Year Released: 2004
MPAA Rating: PG
Running Time: 98 minutes
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Say what you want about Danny Boyle, he’s definitely not one to be easily pigeonholed. For starters, he followed up his sleeper hit “Trainspotting” with the decidedly lighter-hearted “A Life Less Ordinary,” and that with “28 Days Later,” a film lauded and lambasted on almost equal levels (we’ll ignore “The Beach” for now). Now then, if you were a director chiefly known for irreverent depictions of junkies and a digitally shot “viral thriller,” what would be your next effort? Why, a family friendly film about two brothers who happen upon a satchel full of cash, of course.
“Millions” is the story of Damian (Alexander Nathan Etel) and Anthony (Lewis Owen McGibbon), two brothers who have just moved into a new house with their father following the untimely death of their mother. Damian is a generous soul, with a scholar’s knowledge of Christian saints. So obsessed is he, in fact, that they often drop in on him in his hermitage, built out of cardboard boxes. It’s after one of these visits (from St. Clare of Assisi, Patron Saint of Television, in case you were wondering), that the aforementioned bag o’ money literally falls into Damian’s lap.
Damian immediately informs Anthony of the sudden windfall, but where Damian is a generous soul (he sincerely believes the money is from God), Anthony is an über-capitalist, shopping for scuba scooters and paying off classmates to serve as his entourage. Philosophical differences aside, both boys are faced with the same dilemma: England is only days away from converting to the Euro. The money, over 200 thousand British pounds, will soon be worthless unless they can figure out a way to spend it.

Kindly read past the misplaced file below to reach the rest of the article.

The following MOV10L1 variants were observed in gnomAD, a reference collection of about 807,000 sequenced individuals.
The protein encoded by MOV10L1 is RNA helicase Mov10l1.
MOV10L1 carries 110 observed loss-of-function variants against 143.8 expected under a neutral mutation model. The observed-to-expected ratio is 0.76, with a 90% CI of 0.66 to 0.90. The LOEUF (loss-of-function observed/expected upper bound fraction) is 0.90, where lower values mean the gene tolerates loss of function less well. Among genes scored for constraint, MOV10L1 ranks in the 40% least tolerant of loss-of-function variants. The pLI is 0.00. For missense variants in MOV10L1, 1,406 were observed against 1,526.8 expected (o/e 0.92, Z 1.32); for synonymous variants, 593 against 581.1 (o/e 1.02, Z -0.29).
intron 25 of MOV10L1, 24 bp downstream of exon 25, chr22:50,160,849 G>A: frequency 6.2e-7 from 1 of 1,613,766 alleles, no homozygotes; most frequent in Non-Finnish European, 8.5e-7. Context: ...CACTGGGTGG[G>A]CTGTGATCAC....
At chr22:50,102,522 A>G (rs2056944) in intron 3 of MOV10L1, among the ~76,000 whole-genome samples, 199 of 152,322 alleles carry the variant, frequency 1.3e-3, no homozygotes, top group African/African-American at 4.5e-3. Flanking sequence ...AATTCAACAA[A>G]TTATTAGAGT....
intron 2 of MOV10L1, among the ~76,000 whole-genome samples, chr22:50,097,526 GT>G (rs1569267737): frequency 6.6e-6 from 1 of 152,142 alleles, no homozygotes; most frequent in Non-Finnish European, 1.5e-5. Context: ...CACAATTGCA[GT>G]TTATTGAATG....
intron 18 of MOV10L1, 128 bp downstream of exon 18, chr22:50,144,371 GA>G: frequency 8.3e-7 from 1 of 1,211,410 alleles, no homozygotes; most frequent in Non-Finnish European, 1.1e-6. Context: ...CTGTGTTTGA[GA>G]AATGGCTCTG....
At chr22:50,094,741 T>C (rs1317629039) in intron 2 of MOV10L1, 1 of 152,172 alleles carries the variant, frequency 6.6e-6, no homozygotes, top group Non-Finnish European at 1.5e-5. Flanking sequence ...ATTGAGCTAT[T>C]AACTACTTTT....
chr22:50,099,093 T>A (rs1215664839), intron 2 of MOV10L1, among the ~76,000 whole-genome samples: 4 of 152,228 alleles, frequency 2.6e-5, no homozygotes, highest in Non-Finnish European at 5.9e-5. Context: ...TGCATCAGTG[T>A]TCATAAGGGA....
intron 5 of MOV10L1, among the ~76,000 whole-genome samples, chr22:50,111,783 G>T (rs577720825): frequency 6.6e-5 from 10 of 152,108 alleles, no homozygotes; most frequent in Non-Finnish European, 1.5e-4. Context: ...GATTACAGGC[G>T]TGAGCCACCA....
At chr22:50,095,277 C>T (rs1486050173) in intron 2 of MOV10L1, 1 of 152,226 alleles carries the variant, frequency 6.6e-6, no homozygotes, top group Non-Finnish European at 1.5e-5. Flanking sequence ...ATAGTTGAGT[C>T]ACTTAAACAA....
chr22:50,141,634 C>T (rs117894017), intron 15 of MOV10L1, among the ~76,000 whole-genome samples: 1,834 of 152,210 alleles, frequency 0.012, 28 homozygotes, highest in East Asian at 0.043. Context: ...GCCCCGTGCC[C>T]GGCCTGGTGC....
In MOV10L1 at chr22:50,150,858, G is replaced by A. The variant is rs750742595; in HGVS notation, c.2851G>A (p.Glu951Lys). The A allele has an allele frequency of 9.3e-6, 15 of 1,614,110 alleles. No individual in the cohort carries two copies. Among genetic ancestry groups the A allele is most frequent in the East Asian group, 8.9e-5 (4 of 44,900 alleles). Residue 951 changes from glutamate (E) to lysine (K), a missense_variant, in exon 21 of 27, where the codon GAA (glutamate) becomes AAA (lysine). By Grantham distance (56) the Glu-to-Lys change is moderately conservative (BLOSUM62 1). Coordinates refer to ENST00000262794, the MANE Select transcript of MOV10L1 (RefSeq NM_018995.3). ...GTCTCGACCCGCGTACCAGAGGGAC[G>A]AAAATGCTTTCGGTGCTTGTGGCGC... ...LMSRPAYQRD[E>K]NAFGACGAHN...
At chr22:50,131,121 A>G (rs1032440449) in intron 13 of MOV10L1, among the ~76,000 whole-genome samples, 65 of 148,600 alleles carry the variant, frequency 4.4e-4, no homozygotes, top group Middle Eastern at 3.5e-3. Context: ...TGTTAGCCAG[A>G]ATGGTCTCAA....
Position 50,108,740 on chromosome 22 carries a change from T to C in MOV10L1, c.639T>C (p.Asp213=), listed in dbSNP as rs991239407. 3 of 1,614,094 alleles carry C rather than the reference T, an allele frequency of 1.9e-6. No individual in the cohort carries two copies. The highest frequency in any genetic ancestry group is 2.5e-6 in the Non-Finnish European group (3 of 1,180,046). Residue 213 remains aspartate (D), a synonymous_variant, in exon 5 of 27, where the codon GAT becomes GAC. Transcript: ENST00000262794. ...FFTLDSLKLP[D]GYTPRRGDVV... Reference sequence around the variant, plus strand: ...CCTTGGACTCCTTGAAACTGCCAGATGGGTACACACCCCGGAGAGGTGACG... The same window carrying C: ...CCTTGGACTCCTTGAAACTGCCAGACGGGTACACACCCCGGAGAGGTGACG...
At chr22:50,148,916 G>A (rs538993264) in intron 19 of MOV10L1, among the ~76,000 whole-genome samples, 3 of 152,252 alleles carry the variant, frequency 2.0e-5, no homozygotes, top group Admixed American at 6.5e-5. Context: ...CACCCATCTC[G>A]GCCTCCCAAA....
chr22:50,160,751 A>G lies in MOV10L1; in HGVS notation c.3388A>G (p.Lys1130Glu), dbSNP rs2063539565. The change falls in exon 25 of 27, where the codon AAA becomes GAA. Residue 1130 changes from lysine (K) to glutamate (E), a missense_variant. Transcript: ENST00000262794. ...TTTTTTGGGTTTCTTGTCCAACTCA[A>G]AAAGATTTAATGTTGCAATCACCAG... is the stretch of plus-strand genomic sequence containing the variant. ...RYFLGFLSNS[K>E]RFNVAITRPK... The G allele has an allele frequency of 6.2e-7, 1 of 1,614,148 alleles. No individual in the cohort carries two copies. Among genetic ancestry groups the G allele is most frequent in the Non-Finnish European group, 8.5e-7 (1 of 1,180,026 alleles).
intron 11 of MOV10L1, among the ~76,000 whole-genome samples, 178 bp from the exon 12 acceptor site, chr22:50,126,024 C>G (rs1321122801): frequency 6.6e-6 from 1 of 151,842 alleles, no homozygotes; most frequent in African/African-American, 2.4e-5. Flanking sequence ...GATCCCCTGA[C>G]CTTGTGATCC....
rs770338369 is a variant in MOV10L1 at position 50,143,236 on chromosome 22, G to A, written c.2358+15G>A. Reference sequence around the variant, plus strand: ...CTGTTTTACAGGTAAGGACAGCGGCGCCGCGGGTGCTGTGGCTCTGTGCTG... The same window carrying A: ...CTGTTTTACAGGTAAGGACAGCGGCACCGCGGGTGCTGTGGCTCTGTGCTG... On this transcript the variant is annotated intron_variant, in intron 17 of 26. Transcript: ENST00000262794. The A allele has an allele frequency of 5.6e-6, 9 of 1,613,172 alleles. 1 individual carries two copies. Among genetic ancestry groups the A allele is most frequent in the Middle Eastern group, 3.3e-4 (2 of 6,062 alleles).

Using the words “family friendly” to describe a film are usually sufficient to drive most of us into a black hole of drink and despair, but Boyle never allows “Millions” to become precious or, worse, preachy. Damian may be constantly looking for ways to give the money to the poor, but no editorial comment is made about his or Anthony’s (or, later, their father’s) decision to spend the money. Their exploits also remind each of us of the fleeting daydreaming we allow ourselves every time we decide to ignore the realities of probability and buy a lottery ticket.
The money, of course, didn’t just fall out of the sky. Soon enough, the “rightful” owner of the bag comes calling. Unlike previous Boyle efforts, the bad guy in “Millions” isn’t too scary. Sure, his entrances are preceded by creepy breathing noises, but this guy isn’t Begbie or Major West, he’s just a thief, and one a couple of lads shouldn’t have any trouble dealing with. With a little luck and some divine intervention, that is.
The idea of people happening upon an unexpected fortune is hardly new, even for Boyle. In this respect, “Millions” is a lot like “Shallow Grave,” one of the director’s earlier efforts (minus the murders and graphic violence). As with the latter, “Millions” in centered by strong performances. Etal and McGibbon are note perfect as Damian and Anthony, and never fall into the domestically produced trap of coming across as too precocious or as wise asses. And while the film revolves around questions of right and wrong, the underlying theme is that of loss. The money merely serves as a distraction from the mother’s absence, which affects everyone in the family in different ways.
“Millions” is that rarest of creatures: a family film – one of surprising warmth – that won’t have adults reaching for an airsick bag. Do yourself a favor, skip the focus group features starring whichever flavor-of-the-month is popular with the tween crowd these days and go see “Millions” instead. If I’m wrong, I’ll refund you the price of admission.
In British pounds.
Posted on April 3, 2005 in Reviews by Pete Vonder Haar
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